Curmudgeon Victor Davis Hanson is appalled at the failures of contemporary American education, and thinks he can identify some of its problems.
Last week I went shopping in our small rural hometown, where my family has attended the same public schools since 1896. Without exception, all six generations of us — whether farmers, housewives, day laborers, business people, writers, lawyers or educators — were given a good, competitive K-12 education.
But after a haircut, I noticed that the 20-something cashier could not count out change. The next day, at the electronic outlet store, another young clerk could not read — much less explain — the basic English of the buyer’s warranty. At the food market, I listened as a young couple argued over the price of a cut of tri-tip — unable to calculate the meat’s real value from its price per pound.
As another school year is set to get under way, it’s worth pondering where this epidemic of ignorance came from. …
Our present ambition to make every American youth college material — in a way our forefathers would have thought ludicrous — ensures that we will both fail in that utopian goal and lack enough literate Americans with critical vocational skills.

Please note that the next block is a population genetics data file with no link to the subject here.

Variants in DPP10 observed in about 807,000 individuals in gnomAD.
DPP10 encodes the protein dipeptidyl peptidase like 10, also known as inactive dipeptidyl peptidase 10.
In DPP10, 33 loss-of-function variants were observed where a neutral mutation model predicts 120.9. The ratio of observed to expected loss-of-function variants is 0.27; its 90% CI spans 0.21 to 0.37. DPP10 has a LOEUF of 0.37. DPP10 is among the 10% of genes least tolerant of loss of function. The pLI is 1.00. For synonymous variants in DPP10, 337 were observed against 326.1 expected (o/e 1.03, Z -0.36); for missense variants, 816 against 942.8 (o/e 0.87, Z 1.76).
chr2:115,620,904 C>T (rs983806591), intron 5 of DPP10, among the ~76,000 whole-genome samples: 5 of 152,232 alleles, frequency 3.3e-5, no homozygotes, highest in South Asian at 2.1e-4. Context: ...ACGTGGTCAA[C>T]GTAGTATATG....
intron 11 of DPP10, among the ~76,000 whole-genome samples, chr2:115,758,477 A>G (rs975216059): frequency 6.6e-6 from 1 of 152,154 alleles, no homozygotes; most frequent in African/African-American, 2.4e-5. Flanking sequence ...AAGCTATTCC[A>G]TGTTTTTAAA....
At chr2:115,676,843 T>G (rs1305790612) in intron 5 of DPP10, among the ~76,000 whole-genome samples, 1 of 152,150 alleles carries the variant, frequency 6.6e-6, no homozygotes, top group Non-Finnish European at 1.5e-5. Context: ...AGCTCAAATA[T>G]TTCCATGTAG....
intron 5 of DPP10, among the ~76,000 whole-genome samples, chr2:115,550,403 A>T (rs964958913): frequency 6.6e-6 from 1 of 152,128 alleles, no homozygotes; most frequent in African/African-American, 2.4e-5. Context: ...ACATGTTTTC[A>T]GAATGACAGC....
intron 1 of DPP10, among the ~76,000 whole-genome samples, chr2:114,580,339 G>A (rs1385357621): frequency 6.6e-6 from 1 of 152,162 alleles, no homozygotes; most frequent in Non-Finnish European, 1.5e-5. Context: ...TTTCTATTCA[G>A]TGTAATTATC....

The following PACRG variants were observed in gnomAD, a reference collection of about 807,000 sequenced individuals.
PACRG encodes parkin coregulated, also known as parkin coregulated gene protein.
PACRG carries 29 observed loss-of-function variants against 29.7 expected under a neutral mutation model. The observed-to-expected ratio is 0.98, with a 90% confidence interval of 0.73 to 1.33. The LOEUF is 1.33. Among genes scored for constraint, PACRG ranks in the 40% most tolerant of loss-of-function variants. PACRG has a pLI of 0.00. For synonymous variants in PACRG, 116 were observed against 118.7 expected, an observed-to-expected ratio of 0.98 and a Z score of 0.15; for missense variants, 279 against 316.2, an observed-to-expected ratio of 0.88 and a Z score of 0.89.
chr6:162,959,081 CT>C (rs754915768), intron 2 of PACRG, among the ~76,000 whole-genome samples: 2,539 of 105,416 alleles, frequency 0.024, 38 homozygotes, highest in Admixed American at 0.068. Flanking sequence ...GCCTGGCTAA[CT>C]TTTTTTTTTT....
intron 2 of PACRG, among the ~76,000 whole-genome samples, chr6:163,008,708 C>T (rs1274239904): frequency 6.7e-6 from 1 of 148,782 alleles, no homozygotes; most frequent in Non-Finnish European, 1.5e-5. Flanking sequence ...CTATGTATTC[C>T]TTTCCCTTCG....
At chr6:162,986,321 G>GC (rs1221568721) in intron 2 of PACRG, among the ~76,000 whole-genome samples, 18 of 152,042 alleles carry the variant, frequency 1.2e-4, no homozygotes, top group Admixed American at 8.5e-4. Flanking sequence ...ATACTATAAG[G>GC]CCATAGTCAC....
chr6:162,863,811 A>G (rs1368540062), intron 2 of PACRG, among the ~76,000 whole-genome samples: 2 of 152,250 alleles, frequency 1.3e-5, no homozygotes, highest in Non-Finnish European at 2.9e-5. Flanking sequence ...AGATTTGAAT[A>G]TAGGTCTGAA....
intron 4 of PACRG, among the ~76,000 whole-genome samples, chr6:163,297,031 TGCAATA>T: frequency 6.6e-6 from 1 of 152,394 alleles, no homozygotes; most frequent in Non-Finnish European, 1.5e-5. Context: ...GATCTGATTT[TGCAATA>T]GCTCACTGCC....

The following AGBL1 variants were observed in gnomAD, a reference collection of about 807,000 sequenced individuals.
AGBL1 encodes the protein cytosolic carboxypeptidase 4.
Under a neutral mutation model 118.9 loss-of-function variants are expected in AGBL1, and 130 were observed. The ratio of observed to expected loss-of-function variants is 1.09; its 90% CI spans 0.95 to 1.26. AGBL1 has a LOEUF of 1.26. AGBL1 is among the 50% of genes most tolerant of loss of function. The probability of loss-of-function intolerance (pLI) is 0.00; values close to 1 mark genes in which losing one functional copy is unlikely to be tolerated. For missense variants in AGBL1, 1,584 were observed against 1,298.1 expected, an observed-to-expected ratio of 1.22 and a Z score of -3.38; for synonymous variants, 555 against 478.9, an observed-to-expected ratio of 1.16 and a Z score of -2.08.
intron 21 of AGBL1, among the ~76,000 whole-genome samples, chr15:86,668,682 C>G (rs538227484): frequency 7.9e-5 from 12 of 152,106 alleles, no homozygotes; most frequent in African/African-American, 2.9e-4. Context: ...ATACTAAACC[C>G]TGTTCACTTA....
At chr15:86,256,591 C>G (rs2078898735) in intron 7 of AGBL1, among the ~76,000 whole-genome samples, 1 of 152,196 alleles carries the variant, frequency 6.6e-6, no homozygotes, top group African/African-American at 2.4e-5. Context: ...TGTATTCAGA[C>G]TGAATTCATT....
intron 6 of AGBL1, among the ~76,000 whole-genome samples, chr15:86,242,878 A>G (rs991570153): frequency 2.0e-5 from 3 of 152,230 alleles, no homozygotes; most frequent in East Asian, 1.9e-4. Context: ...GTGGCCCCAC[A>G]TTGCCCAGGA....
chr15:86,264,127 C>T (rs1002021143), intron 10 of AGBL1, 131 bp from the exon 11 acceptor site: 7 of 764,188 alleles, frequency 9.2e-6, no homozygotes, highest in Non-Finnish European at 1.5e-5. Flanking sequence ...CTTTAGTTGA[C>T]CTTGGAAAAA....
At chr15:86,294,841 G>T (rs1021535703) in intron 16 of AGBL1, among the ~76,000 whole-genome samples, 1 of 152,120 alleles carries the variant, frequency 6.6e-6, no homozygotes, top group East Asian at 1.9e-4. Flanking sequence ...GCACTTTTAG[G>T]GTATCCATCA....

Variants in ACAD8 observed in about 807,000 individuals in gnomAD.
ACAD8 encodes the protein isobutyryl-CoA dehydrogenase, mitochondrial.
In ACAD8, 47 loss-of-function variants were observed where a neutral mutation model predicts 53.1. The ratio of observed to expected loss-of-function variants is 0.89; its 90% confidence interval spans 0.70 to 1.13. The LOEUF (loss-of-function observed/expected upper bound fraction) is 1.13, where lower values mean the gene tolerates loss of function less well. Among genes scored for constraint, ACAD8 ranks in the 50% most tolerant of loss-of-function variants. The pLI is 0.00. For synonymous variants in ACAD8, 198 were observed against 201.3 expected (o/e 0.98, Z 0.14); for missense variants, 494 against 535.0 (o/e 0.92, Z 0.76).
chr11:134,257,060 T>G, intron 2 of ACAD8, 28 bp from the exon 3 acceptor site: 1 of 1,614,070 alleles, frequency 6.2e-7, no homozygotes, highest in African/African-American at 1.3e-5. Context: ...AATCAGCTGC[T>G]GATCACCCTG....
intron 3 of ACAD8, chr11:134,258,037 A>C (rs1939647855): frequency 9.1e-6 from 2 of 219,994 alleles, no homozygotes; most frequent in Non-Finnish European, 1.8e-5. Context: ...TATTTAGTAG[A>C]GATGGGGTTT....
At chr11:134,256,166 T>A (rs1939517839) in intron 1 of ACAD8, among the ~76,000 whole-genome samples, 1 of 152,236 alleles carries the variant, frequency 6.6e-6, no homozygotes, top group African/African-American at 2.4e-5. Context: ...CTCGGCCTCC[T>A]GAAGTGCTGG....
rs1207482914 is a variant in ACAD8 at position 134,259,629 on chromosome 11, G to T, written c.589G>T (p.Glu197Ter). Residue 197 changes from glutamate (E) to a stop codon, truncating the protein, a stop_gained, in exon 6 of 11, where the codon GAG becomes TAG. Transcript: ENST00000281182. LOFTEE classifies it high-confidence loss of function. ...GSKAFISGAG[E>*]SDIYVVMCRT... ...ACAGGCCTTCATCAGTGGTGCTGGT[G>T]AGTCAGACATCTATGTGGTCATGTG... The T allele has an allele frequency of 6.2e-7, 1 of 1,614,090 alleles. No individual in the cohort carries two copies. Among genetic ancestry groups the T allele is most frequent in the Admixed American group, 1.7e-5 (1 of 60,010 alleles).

The disintegration of the American nuclear family is also at fault. Too many students don’t have two parents reminding them of the value of both abstract and practical learning.
What then can our elementary and secondary schools do, when many of their students’ problems begin at home or arise from our warped popular culture?
We should first scrap the popular therapeutic curriculum that in the scarce hours of the school day crams in sermons on race, class, gender, drugs, sex, self-esteem or environmentalism. These are well-intentioned efforts to make a kinder and gentler generation more sensitive to our nation’s supposed past and present sins. But they only squeeze out far more important subjects.